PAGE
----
Cryptocurrency and other digital assets have increased the complexity of estate planning. People in Ohio who are creating an estate plan should ensure that they take care of both the legal and technical aspects of making digital assets accessible to heirs.
One attorney suggests listing the assets and all the relevant information regarding them on a piece of paper that is kept with other estate planning documents. She advises this over putting them on a USB drive since technology is fallible. Information such as key locations, timelock or multisignature requirements, passphrases and PINs may need to be included. Depending on how much trading a person does, this list will need to be updated regularly. A frequent trader may need to update it weekly while someone who trades only occasionally might only do so annually.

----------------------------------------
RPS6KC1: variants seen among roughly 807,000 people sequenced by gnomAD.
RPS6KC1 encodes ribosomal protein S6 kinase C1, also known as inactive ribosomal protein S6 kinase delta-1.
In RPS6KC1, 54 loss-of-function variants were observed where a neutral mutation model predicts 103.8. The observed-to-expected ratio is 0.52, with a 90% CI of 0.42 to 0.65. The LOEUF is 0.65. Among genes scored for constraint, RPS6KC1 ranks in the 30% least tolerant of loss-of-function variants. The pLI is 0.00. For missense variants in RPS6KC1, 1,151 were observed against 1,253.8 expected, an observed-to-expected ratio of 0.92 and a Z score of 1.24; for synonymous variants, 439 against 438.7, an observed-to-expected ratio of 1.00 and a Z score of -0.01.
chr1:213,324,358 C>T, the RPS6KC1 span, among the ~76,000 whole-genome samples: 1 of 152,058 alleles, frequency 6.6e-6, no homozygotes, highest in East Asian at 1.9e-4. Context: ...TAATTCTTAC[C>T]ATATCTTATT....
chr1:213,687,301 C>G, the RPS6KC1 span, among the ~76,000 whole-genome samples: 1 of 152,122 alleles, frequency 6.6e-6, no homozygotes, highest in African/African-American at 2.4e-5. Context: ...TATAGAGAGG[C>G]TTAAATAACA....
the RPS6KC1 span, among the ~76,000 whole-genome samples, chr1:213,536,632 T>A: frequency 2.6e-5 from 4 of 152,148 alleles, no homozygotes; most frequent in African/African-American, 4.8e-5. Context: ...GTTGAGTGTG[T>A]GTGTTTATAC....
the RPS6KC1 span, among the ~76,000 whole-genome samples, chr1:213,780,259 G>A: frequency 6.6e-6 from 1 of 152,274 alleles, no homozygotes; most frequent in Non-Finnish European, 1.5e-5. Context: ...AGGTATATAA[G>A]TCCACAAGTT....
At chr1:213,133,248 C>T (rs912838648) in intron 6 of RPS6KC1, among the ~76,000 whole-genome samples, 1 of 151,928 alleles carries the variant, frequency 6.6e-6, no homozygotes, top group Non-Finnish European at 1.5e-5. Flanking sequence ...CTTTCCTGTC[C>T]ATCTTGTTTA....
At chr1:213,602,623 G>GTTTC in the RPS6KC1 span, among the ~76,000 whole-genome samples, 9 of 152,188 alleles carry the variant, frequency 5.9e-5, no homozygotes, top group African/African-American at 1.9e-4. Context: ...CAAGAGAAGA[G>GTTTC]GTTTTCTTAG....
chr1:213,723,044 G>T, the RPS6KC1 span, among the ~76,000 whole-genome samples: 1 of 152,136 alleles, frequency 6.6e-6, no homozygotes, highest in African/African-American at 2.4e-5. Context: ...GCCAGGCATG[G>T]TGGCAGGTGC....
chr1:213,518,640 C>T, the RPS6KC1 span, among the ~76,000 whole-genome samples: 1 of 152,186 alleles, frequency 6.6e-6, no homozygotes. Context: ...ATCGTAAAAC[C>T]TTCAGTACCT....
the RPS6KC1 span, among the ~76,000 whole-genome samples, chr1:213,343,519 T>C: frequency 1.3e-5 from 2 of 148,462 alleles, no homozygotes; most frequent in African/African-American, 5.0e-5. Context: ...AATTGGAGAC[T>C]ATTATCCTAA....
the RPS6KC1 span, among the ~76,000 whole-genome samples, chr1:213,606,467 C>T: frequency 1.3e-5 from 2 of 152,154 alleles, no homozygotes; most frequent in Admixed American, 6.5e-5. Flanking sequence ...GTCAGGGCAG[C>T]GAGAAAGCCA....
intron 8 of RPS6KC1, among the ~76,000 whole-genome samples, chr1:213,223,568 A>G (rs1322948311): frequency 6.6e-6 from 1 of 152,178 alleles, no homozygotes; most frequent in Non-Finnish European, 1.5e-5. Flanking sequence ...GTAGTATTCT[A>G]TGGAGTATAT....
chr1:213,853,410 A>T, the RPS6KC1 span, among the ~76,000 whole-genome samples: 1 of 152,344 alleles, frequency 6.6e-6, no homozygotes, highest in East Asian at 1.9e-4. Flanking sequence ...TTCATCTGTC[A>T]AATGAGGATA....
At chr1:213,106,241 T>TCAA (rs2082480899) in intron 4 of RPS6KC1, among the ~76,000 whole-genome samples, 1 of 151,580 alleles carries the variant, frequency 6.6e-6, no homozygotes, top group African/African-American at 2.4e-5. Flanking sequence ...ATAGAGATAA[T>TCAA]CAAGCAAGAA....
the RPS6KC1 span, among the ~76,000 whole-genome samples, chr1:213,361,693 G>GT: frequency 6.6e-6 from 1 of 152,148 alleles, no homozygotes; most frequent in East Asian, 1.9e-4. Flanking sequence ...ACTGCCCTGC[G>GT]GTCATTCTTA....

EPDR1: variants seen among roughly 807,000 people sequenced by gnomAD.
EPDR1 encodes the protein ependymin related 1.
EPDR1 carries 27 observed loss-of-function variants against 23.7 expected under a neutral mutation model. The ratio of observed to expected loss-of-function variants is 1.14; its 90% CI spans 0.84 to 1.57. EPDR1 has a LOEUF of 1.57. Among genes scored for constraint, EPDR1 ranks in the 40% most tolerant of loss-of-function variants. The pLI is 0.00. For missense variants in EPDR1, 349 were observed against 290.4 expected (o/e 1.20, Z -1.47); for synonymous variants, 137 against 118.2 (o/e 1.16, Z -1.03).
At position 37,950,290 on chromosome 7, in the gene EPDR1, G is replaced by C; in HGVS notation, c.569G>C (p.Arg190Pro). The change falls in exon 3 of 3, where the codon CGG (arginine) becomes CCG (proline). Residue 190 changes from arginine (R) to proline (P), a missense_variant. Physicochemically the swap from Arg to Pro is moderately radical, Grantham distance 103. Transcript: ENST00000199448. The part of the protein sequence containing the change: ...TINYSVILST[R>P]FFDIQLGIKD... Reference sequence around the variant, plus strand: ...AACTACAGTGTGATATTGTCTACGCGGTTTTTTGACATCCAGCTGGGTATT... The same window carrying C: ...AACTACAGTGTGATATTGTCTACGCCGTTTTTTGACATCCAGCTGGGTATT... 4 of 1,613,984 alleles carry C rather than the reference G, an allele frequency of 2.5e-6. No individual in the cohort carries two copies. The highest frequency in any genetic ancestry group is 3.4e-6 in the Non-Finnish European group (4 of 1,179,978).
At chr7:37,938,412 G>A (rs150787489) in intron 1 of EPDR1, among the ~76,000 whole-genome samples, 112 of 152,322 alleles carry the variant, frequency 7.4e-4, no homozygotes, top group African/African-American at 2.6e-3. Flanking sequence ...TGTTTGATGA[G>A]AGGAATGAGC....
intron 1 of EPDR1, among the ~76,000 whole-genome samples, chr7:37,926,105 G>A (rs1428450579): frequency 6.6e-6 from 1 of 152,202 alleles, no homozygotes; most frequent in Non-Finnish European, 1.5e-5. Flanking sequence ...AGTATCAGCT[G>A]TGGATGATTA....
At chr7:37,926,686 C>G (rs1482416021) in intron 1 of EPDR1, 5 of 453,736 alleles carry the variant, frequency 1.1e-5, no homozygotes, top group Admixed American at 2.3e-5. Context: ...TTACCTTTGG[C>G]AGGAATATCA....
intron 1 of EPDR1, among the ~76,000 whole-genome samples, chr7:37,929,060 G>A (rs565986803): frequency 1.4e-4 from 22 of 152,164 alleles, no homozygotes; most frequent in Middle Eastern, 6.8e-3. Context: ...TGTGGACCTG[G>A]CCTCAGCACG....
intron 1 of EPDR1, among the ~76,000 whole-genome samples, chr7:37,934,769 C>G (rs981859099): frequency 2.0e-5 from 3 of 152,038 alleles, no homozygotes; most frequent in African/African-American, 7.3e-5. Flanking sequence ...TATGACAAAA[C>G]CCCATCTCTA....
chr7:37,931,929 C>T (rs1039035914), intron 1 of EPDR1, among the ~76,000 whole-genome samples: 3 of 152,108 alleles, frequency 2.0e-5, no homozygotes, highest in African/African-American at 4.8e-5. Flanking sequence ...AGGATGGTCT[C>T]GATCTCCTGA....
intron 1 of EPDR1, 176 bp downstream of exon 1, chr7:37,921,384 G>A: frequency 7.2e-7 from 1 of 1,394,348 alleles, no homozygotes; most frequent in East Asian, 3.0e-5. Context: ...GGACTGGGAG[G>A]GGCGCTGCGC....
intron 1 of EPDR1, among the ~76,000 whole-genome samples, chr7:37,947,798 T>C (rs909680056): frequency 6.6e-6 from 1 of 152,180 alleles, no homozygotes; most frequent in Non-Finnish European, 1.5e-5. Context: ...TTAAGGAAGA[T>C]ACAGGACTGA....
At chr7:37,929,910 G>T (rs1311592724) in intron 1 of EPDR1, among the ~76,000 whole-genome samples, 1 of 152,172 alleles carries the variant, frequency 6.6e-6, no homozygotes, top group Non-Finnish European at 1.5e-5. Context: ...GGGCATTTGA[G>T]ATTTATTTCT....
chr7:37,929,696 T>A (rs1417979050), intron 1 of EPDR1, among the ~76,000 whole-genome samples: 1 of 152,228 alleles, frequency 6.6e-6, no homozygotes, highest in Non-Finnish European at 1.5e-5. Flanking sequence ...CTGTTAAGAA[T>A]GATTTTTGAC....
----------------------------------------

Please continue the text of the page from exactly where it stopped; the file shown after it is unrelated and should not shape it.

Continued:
This will allow heirs to access the accounts, but there also needs to be legal guidance in place; without it, heirs could end up fighting over the assets. Most states, including Ohio, allow executors to manage digital assets just as they do other assets. One consideration for executors may be the volatile nature of cryptocurrency. This could mean selling the assets quickly so that it does not appear they mismanaged them by holding onto them too long and allowing their value to drop.
People may also want to think about other types of digital property. This includes things such as photos and social media accounts. Different platforms have different terms of service regarding who can access another person's account and under what circumstances, so people may want to look into these and make any necessary preparations. They should also discuss their estate planning with their loved ones. Talking about what will happen with both digital and regular assets may reduce the likelihood that the plan will be misunderstood or challenged.